Lawless asks for more off-campus consequences



When the Office of Student Affairs asked for suggestions regarding the Student Code of Conduct, Diane Lawless replied with a specific complaint.

Lawless, the 3rd District Councilwoman, said in an e-mail to Associate Dean of Students Tony Blanton she was “shocked” there was no mention of off-campus complaints against students.

“I have been confused why a student is held responsible for harassing a member of the university family, but other members of our community have no recourse and there is no standard of conduct off-campus,” the e-mail said.

The Student Code of Conduct outlines violations and the process for handling complaints against students. Changes proposed this year include allowing both parties in a violation complaint to have equal rights in the hearing process and the inclusion of sexual assault violations as a separate category.

Lawless, however, said she thinks UK should expand its judicial reach outside the campus boundaries.

“My concern is there are very few students who behave badly and give all students a bad name, but I don’t know why they can treat me differently than my neighbor who might be a university faculty member,” she said.

Student Government President Ryan Smith said he disagreed with Lawless’ suggested addition to the code because UK cannot be held responsible for the actions of students that occur off-campus.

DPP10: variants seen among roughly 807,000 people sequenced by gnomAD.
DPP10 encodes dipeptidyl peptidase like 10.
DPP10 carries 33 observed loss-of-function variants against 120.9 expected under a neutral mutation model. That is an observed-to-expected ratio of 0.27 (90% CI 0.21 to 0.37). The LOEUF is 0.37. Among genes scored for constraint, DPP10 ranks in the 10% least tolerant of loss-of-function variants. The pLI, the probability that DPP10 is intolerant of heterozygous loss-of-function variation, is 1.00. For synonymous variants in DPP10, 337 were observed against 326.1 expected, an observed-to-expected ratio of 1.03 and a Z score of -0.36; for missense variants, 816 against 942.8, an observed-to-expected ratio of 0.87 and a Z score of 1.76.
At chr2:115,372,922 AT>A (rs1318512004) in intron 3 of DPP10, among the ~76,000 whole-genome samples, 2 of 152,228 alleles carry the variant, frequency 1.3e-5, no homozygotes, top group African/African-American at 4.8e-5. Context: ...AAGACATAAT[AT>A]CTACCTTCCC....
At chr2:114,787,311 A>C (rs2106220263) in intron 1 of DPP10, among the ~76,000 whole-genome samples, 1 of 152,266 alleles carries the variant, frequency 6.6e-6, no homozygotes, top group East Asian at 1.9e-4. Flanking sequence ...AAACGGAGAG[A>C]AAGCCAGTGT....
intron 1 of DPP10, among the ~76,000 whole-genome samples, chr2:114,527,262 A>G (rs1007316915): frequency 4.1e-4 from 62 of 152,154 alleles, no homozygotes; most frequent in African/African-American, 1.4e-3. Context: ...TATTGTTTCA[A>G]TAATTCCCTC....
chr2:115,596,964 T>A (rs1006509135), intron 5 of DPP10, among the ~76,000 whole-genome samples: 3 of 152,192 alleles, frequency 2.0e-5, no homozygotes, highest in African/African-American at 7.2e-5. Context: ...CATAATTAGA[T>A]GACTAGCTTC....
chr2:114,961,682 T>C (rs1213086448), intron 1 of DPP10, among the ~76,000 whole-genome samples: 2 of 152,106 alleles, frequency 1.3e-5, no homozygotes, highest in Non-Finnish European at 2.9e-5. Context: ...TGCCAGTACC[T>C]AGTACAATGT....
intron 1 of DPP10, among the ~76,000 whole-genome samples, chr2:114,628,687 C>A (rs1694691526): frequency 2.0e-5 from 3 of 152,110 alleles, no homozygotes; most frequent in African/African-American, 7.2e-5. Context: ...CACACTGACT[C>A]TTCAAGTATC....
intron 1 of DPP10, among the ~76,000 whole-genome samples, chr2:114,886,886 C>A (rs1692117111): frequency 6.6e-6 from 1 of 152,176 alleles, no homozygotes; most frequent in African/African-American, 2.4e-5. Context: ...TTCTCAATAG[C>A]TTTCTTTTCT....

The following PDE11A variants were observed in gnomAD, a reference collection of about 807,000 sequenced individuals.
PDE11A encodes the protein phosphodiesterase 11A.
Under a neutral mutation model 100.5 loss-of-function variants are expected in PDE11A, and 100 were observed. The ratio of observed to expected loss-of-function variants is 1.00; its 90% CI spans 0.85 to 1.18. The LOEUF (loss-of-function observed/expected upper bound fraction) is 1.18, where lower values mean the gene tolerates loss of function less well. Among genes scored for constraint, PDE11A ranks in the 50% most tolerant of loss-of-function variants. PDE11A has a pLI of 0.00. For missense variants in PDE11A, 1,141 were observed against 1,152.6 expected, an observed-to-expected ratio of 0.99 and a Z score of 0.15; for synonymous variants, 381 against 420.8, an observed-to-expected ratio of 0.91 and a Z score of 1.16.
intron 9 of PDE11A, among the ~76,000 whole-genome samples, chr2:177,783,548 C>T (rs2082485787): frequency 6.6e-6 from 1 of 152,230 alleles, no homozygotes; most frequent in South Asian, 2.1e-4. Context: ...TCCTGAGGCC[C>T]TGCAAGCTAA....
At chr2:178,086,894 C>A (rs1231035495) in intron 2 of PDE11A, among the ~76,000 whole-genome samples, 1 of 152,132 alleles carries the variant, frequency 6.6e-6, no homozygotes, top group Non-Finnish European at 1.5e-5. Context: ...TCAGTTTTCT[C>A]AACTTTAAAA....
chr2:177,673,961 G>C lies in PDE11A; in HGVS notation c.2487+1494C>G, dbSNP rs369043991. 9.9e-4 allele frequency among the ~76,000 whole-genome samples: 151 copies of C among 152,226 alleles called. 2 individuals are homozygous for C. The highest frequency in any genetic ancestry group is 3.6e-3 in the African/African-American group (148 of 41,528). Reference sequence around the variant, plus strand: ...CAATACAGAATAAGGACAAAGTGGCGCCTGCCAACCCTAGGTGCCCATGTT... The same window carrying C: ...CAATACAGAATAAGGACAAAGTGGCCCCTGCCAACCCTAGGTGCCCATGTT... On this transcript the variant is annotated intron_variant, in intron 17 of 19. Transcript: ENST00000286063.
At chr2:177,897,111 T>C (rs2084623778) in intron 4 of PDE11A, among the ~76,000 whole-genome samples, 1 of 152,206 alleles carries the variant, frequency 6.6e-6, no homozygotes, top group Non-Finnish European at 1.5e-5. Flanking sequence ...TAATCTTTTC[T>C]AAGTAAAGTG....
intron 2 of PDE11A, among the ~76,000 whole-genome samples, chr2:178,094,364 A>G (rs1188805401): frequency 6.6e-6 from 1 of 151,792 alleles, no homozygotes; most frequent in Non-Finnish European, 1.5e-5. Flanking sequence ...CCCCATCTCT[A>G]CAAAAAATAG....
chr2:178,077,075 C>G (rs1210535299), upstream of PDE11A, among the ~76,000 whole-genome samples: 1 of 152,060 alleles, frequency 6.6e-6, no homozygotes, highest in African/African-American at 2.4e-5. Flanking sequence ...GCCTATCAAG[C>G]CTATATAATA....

“The university is not in a position to be watching students everywhere they go,” Smith said. “They are not there to be ‘Big Brother.’ ”

Policing students when they are not on campus is not the purpose of the code of conduct, Smith said.

“What is most concerning is (Lawless) is attempting to put forward a proposal that polices students off-campus,” he said. “That’s what the police department is for. It’s interesting that she represents our district yet never talked to us about this.”

Lawless said the code currently addresses only the behavior of students on campus toward UK property, or against UK staff, faculty and students. She said more should be done by the university to protect the community.

“I do understand the need to protect faculty and staff from being the target of malicious retaliation from an angry student,” Lawless said in the e-mail. “I also believe the University of Kentucky, as many other universities do, has a responsibility to let students know that their conduct in the community is also serious and won’t be tolerated by UK.”

Part of reaching the top-20 goal is for UK to be a good neighbor, Lawless said, and she urged Blanton to consider this addition to the code. Lawless said many other universities include off-campus violations in their student codes.

“If you have a standard of behavior you want students at your university to follow, they should follow that standard in the community as well as on campus,” she said.

Lawless said she knows only a small percentage of students behave badly, and said most UK students are “wonderful participants in our community.”

Yet, those who act inappropriately give all students a black eye, she said. Lawless said she wants Lexington’s citizens to be protected in the same way that UK employees are under the code.

“If it’s not OK to get drunk and throw up in a professor’s yard, then it should not be OK to do it in your neighbor’s yard,” Lawless said.

Blanton said Lawless’ suggestion would be discussed by the Student Code Committee at a meeting sometime next week.